Odds and Ends

A Deadly Dunt at Dullatur Station

A railway accident leading to the death of Robert Shaw of Carrickstone Farm, Cumbernauld

April 1879

old map
1. Dullatur Station; 2. Muirhead Farm, home of the Main family; 3. Carrickstone Farm, home of the Shaw family; 4. Home of the Stark family

It is April 1879. In a month's time Queen Victoria will celebrate the 60th anniversary of her accession to the throne. The village of Cumbernauld, in the central belt of Scotland, is flanked north and south by railway lines. The oldest, northernmost line, opened in 1842, is operated by the North British Railway (NBR) and the southernmost line by the Caledonian railway. Three years ago the NBR opened a station at Dullatur, up the hill to the north of Cumbernauld village. At the bend in the road between the village and Dullatur station lies the 211 acre (85 ha) farm of Carrickstone, part of the Cumbernauld Estate. It is rented by Joseph Shaw (70) and his wife Agnes (50) and farmed by their three adult children, Agnes (23), Joseph (21), Janet (20) and Annie (18). Also living on the farm are teenager Robert, just turned 16, his younger brother William (13) and their cousin, George Forrester (5), illegitimate son of sister Jane (25), now married to James Stark (26), a railway porter.

A dozen or so miles to the west is the city of Glasgow, the largest city in Scotland. James (31), the oldest surviving son of Joseph and Agnes, married Margaret Whitecross (30), daughter of the Cumbernauld Estate's factor, Andrew Whitecross, three years ago. They moved to Glasgow to operate a dairy and started a family there. They have a son, Joseph, 18 months old and a daughter, Barbara, just over a month old. A year ago James' brother, John (29) had married Agnes Main (21), from the farm up the road at Muirhead. He had been working in Glasgow as a vansman and following his marriage they set up home in Lumsden Street, Glasgow but unfortunately he died after only five days of marriage.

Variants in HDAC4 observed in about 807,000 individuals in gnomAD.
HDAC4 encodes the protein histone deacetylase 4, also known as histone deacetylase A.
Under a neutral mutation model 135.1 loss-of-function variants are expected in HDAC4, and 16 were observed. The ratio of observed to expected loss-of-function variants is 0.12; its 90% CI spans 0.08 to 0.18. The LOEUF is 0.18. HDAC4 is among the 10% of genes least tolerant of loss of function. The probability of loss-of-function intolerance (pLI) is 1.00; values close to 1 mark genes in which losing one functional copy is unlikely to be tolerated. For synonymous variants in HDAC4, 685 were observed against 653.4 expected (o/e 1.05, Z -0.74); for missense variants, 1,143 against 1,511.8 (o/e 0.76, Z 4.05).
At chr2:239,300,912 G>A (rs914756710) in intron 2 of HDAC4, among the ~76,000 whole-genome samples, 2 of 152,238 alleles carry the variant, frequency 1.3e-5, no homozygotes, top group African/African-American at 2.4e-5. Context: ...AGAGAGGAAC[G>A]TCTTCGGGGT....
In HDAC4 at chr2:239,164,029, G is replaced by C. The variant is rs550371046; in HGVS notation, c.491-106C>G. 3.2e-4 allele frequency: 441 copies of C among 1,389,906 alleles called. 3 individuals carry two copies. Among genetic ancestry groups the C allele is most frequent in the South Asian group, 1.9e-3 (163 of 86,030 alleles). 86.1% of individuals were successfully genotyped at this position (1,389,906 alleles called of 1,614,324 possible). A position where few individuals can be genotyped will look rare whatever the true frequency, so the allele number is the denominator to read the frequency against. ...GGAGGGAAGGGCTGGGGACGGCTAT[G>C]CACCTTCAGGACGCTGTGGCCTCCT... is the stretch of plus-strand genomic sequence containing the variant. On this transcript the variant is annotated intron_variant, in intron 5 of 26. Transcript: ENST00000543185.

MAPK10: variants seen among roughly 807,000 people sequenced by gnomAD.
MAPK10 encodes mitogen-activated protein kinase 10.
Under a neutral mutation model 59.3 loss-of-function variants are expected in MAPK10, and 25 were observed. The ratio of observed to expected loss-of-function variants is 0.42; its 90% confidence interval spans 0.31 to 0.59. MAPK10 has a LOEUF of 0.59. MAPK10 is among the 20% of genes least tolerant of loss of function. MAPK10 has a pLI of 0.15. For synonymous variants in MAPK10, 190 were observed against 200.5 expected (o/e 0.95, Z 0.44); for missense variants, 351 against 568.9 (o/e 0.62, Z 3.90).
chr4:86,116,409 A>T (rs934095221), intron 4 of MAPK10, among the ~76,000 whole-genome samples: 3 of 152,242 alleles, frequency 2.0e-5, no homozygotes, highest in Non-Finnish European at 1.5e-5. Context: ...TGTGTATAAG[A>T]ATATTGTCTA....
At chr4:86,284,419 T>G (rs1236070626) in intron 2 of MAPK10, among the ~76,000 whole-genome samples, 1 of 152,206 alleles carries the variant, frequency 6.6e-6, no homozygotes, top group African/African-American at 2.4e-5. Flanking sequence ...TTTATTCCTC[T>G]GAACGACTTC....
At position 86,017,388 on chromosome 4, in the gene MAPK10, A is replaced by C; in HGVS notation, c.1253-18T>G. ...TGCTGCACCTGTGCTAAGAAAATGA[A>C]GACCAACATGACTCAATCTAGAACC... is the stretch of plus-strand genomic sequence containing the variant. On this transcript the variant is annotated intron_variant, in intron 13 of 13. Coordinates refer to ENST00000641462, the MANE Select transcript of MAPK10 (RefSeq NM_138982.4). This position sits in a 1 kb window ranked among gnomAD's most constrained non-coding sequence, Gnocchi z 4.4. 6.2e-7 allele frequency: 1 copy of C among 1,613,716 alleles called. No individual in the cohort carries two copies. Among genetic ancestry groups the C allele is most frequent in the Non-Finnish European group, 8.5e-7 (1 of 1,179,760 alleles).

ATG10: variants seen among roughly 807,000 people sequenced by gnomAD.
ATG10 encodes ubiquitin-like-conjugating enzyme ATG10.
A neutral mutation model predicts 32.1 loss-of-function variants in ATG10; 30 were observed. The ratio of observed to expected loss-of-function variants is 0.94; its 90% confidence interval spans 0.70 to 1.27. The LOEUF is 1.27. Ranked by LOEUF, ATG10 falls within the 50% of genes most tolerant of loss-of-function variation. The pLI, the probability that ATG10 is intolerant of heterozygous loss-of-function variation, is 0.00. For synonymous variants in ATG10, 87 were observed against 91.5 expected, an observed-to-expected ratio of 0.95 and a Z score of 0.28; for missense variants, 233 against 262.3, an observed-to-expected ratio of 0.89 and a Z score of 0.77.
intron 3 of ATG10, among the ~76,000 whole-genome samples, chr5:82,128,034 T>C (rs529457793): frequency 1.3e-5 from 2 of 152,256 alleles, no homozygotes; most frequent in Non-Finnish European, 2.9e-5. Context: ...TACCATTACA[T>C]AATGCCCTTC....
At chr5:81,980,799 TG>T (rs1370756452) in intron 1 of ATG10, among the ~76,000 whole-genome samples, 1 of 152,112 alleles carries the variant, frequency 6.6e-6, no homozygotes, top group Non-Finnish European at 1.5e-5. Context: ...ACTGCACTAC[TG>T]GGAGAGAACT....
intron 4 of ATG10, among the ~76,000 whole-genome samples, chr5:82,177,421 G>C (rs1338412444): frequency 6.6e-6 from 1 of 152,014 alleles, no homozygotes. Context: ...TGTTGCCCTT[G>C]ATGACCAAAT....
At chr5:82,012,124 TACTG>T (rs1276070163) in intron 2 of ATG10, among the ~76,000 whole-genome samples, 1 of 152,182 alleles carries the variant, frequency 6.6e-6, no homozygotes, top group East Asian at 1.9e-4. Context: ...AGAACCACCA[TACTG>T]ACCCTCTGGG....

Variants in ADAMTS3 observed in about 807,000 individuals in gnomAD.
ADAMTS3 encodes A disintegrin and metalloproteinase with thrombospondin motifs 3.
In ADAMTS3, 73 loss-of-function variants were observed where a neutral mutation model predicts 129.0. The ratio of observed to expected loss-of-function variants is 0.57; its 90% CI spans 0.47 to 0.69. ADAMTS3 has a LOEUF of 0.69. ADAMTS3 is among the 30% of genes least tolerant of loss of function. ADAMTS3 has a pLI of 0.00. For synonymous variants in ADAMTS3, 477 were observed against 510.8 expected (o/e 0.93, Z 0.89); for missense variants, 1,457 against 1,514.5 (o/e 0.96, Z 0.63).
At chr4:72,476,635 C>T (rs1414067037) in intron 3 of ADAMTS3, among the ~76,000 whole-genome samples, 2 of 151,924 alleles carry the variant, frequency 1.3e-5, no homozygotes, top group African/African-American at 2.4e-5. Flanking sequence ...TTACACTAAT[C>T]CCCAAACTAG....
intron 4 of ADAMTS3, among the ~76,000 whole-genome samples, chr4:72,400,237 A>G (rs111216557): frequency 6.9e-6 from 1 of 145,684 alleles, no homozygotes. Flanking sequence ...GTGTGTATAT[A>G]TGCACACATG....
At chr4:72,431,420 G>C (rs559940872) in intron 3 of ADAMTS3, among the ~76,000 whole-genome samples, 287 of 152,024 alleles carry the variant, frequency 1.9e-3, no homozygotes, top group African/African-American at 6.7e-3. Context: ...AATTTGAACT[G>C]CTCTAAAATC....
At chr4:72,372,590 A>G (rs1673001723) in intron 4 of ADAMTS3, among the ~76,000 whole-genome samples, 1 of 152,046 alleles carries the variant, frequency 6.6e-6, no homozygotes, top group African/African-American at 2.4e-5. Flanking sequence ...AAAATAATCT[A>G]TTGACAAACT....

It is now Tuesday 29th April 1879. British troops are fighting in the Zulu Wars in South Africa, parliament is expressing concern over the number of people dying as the result of steam boiler explosions. Last year 15 people were killed and 16 injured outside buildings housing an exploded boiler. The average loss of life to a boiler explosion is 75. It is a cold day, temperatures ranging from 4 to 12 °C with little wind.

plain line two-track railway station with overbridge in the mid-distance
Dullatur Station, viewed from the Glasgow-side barrow crossing, probably where Robert Shaw tried to cross, rather than use the footbridge in the mid-distance

At 7.30 p.m. 16 year-old Robert Shaw catches the stopping train out of Dundas Street Station, Glasgow, (now known as Queen Street). This should allow him to get home before sunset, about an hour later. The train labours up through the steep tunnel to Cowlairs, where it will make its first stop, from which the running is fairly even all the way through to Edinburgh. The train makes three more stops, at Bishopriggs, Lenzie and Croy before arriving at Dullatur, where Robert dismounts to start his mile or so walk downhill to Carrickstone.